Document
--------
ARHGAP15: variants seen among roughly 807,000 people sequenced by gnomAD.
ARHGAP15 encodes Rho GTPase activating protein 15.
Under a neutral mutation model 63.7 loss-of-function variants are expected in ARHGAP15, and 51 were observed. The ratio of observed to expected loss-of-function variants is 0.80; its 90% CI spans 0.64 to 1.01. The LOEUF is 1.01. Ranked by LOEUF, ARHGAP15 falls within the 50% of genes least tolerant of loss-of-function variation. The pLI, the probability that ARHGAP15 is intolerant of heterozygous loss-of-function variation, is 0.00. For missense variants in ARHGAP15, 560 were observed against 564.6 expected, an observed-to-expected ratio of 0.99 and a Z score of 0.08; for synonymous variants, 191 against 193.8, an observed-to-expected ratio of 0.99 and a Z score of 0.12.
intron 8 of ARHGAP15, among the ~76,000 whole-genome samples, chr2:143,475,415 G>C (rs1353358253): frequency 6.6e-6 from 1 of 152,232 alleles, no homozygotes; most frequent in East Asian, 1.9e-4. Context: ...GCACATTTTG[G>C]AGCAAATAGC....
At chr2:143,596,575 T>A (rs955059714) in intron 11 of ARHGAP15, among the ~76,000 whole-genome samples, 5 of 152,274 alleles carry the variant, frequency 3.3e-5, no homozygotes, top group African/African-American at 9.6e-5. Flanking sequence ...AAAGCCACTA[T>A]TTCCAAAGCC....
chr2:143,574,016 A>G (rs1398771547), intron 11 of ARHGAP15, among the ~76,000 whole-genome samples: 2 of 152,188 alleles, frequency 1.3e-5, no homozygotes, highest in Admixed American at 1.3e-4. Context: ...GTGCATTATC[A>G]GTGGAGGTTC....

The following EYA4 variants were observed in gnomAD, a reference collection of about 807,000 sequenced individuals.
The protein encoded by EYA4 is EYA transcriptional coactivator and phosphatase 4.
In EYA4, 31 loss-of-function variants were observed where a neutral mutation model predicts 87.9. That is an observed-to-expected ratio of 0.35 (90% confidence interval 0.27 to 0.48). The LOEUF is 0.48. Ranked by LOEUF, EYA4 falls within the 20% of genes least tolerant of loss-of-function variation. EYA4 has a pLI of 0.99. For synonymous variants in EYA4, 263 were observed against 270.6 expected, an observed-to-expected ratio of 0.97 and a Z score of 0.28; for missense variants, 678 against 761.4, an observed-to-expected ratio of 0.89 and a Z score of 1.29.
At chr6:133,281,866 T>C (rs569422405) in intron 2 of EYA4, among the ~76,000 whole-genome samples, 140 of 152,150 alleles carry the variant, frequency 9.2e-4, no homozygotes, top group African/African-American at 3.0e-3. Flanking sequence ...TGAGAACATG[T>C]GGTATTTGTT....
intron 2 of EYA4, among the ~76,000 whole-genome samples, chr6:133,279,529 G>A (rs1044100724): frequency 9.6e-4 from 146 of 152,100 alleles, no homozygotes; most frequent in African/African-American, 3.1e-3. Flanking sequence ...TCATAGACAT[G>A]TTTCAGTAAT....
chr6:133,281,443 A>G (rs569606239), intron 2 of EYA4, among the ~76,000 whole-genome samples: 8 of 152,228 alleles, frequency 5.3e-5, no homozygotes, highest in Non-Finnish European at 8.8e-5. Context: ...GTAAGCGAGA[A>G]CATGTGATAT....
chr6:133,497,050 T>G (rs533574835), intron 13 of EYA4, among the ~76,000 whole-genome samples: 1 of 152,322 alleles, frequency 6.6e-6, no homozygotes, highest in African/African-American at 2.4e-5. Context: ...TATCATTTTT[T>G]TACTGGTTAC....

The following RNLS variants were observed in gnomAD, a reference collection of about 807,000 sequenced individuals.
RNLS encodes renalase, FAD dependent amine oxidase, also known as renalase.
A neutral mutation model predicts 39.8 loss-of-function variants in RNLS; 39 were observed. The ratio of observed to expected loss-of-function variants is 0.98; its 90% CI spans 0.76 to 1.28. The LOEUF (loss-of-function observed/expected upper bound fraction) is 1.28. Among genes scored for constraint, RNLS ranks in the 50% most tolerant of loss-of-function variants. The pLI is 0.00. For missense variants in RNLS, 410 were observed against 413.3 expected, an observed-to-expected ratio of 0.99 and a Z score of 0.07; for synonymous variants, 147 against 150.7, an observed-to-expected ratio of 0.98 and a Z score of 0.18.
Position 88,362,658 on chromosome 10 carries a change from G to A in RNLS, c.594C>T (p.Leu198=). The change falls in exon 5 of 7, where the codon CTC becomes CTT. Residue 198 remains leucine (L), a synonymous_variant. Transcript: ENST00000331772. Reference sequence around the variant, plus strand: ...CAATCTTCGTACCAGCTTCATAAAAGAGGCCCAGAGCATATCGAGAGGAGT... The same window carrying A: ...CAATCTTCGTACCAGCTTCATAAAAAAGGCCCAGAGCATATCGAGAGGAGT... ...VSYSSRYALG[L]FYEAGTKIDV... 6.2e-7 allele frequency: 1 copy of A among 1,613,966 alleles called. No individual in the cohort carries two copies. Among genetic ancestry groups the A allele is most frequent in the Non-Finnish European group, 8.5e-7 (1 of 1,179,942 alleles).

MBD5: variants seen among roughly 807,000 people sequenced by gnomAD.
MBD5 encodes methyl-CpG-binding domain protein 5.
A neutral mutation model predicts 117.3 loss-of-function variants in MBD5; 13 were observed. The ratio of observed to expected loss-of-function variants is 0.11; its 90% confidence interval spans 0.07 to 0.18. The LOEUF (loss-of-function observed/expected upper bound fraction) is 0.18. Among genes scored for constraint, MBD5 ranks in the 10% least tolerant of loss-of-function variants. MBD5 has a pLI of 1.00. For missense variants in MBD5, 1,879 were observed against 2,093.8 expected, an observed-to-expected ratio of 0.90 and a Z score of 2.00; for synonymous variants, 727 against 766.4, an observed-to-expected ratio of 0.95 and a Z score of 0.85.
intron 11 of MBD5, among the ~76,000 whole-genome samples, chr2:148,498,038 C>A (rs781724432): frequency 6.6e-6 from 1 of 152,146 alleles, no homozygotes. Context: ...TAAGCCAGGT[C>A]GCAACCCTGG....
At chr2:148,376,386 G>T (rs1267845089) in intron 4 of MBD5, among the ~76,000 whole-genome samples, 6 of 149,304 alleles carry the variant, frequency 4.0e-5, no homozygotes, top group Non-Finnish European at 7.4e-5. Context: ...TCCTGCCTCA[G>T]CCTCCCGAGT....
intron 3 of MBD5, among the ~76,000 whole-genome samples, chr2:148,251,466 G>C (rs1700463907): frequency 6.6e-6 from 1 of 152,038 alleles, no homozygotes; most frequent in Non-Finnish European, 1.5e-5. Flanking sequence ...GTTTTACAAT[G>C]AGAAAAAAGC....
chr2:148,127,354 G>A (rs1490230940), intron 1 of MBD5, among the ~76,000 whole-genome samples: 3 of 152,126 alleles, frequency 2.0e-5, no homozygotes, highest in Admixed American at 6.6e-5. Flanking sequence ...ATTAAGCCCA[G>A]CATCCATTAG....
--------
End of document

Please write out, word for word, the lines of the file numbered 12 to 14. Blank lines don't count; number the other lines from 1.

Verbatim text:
chr6:133,281,443 A>G (rs569606239), intron 2 of EYA4, among the ~76,000 whole-genome samples: 8 of 152,228 alleles, frequency 5.3e-5, no homozygotes, highest in Non-Finnish European at 8.8e-5. Context: ...GTAAGCGAGA[A>G]CATGTGATAT....
chr6:133,497,050 T>G (rs533574835), intron 13 of EYA4, among the ~76,000 whole-genome samples: 1 of 152,322 alleles, frequency 6.6e-6, no homozygotes, highest in African/African-American at 2.4e-5. Context: ...TATCATTTTT[T>G]TACTGGTTAC....

The following RNLS variants were observed in gnomAD, a reference collection of about 807,000 sequenced individuals.